A) run away screaming
B) attack them with golf clubs, weed whackers and curling irons, or
C) haplessly fall victim to them as you enjoy a quiet afternoon of fishing with your dog?
Watch the trailer below:
Really, it was only a matter of time. With its toothy suction cup for a face and razor sharp tongue, the sea lamprey was a horror movie villain just waiting to shine.
"Blood Lake" stars Shannen Doherty and Jason Brooks, along with Christopher Lloyd as the mayor with a seriously bloody pest problem on his hands.
There are lampreys attacking people at the beach, lampreys squirming in the toilet, lampreys leaping out of buckets and generally causing mass panic.
Just when you thought it was safe to enjoy a campy B movie without facts getting in the way
The first thing you should know about Michael Wagner is that he's a fan of B movies. He’s also an associate professor in the Department of Fisheries and Wildlife at Michigan State University.
He says don’t worry, lampreys do love to drink blood. But they want fish blood, not human blood. Wagner says lampreys only attack humans in certain, lab-controlled situations.
“...when one graduate student walks up behind another one and sticks it onto his back. But generally that’s an attack by the student more than it is an attack by the lamprey,” he says.
There’s this scene in the movie where Shannen Doherty is trapped in the bathroom and there are lots of lampreys climbing up the walls. Sadly, real-life lampreys are not this athletic.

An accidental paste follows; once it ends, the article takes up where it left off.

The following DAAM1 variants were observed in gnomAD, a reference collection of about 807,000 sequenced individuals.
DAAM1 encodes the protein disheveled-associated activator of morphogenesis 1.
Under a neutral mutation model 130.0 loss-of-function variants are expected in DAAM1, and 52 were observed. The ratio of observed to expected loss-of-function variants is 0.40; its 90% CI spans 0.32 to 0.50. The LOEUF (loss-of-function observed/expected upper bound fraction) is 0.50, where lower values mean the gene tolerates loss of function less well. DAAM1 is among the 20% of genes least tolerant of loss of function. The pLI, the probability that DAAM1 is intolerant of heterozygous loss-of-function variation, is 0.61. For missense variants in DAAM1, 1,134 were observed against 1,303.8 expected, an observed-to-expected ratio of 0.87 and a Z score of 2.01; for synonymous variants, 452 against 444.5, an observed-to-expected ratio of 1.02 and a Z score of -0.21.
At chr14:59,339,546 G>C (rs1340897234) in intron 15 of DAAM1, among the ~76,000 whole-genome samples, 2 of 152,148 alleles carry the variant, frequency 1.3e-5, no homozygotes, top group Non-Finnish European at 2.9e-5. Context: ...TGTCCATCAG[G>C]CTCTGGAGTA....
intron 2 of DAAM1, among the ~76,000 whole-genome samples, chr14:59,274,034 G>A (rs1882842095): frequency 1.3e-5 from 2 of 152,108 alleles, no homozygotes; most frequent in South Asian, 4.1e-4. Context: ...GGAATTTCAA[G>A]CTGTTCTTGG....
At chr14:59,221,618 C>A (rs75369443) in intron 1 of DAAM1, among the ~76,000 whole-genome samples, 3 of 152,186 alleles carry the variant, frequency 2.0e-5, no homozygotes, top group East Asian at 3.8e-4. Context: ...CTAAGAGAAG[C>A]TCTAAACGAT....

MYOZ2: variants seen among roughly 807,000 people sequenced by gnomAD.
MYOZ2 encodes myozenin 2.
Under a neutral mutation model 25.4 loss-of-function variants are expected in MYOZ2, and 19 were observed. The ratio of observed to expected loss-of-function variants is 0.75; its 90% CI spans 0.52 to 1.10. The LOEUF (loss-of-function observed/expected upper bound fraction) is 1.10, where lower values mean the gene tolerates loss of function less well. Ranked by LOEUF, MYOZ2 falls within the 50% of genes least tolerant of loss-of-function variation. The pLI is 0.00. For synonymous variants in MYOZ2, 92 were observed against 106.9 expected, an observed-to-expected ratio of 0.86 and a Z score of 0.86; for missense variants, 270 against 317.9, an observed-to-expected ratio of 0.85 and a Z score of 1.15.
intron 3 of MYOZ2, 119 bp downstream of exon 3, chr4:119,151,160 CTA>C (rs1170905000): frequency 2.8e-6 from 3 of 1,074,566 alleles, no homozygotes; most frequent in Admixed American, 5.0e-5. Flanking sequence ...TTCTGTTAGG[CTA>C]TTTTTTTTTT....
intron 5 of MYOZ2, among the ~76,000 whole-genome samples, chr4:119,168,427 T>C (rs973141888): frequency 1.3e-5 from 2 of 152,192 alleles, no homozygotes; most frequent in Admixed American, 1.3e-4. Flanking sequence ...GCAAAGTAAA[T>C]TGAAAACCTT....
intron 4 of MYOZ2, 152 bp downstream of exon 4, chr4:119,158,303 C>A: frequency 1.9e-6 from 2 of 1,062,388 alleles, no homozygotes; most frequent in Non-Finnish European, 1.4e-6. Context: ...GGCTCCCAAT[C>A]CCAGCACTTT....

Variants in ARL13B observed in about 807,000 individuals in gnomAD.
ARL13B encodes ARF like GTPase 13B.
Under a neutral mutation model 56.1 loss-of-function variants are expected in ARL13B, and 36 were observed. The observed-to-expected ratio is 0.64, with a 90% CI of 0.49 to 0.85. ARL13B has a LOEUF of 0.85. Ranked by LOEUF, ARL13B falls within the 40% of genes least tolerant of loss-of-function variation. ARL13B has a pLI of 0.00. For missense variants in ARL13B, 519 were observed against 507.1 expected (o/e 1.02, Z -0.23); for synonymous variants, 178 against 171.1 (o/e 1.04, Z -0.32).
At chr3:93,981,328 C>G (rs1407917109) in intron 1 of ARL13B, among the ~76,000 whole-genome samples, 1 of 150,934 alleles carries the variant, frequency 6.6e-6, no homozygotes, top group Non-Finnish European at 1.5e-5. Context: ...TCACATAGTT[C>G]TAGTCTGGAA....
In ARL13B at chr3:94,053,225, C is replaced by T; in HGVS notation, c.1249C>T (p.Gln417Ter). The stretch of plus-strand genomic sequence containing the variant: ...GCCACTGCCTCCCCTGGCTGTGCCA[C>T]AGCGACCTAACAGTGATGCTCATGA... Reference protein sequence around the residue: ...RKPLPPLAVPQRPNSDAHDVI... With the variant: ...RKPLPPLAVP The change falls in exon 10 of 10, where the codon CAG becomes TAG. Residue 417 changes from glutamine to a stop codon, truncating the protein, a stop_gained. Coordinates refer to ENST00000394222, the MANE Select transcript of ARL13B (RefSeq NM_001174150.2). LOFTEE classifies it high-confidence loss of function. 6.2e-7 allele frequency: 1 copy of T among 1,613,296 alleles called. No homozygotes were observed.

“That’s one of the reasons it makes it easier to control their movement into rivers through the placement of very small dams, dams that have a head on them of maybe a foot and a half or two feet, and that’s because sea lamprey do not climb very well,” he says.
(On a side note: Wagner says Pacific lamprey do have the ability to climb, although he says it's not as impressive as what we see in the movie.)
He reassures me they’re not going to leap out of your toilet either: "not unless someone threw one in there right before you went to the bathroom."
Here he describes a situation where lamprey will do their best to leap out of the water:
Let's say, theoretically, you happen to end up with a lamprey attached to you
It'd be a fun party trick. Jay Leno's done it:
And I have done it too. (Ok, so Leno attached an adult lamprey to his neck, and I attached a baby lamprey to my hand. Details, details.)
The suction is actually quite strong. Those buggers want to hang on. I pulled the lamprey off after a little while, but I wondered: what would've happened if I'd let it stay on?
Wagner says, “It would eventually detach.”
And he says the lamprey wouldn't have a lot of interest in sucking my blood:
"If for no other reason than because you're walking around in the air, and they don't do so well out of the water. The other thing I would mention is there’s pretty much no human on the planet who can’t beat up a lamprey, so I’d say you’re fairly safe.”
A herd of lampreys
In "Blood Lake," lampreys attack in groups.
In real life, lampreys do no such thing.
"They don’t follow the feeding mode of the classic movie presentation of piranhas, which involves, you know, thousands of them attacking you at once; they attack singly. So you’re as safe with them as you are with a cat, because you’re likely never to see a thousand of those coming at you across a field and attacking you in a big social group,” Wagner says.
Unless you encountered a herd of cats.
For the record, Wagner told me he liked the movie in a campy sort of way, and even after all that blood, he still thinks lampreys are cute.